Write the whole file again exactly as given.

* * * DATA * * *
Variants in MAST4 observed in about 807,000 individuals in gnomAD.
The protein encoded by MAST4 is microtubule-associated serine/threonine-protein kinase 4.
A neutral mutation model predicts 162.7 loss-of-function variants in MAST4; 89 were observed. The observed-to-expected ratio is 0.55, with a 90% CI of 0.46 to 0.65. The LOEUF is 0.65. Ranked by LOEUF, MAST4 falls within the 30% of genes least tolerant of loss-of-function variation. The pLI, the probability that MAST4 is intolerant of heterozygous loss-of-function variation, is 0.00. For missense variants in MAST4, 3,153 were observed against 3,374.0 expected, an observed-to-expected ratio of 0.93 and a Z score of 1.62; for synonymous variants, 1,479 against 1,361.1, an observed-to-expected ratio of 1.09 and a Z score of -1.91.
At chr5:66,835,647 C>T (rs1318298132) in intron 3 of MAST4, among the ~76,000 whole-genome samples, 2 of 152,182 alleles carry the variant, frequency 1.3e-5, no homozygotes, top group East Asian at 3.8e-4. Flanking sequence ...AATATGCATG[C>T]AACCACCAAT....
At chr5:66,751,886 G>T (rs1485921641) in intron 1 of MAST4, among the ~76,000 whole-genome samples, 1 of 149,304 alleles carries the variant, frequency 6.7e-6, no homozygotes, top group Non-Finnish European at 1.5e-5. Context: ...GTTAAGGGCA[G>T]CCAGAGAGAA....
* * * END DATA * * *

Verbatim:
Variants in MAST4 observed in about 807,000 individuals in gnomAD.
The protein encoded by MAST4 is microtubule-associated serine/threonine-protein kinase 4.
A neutral mutation model predicts 162.7 loss-of-function variants in MAST4; 89 were observed. The observed-to-expected ratio is 0.55, with a 90% CI of 0.46 to 0.65. The LOEUF is 0.65. Ranked by LOEUF, MAST4 falls within the 30% of genes least tolerant of loss-of-function variation. The pLI, the probability that MAST4 is intolerant of heterozygous loss-of-function variation, is 0.00. For missense variants in MAST4, 3,153 were observed against 3,374.0 expected, an observed-to-expected ratio of 0.93 and a Z score of 1.62; for synonymous variants, 1,479 against 1,361.1, an observed-to-expected ratio of 1.09 and a Z score of -1.91.
At chr5:66,835,647 C>T (rs1318298132) in intron 3 of MAST4, among the ~76,000 whole-genome samples, 2 of 152,182 alleles carry the variant, frequency 1.3e-5, no homozygotes, top group East Asian at 3.8e-4. Flanking sequence ...AATATGCATG[C>T]AACCACCAAT....
At chr5:66,751,886 G>T (rs1485921641) in intron 1 of MAST4, among the ~76,000 whole-genome samples, 1 of 149,304 alleles carries the variant, frequency 6.7e-6, no homozygotes, top group Non-Finnish European at 1.5e-5. Context: ...GTTAAGGGCA[G>T]CCAGAGAGAA....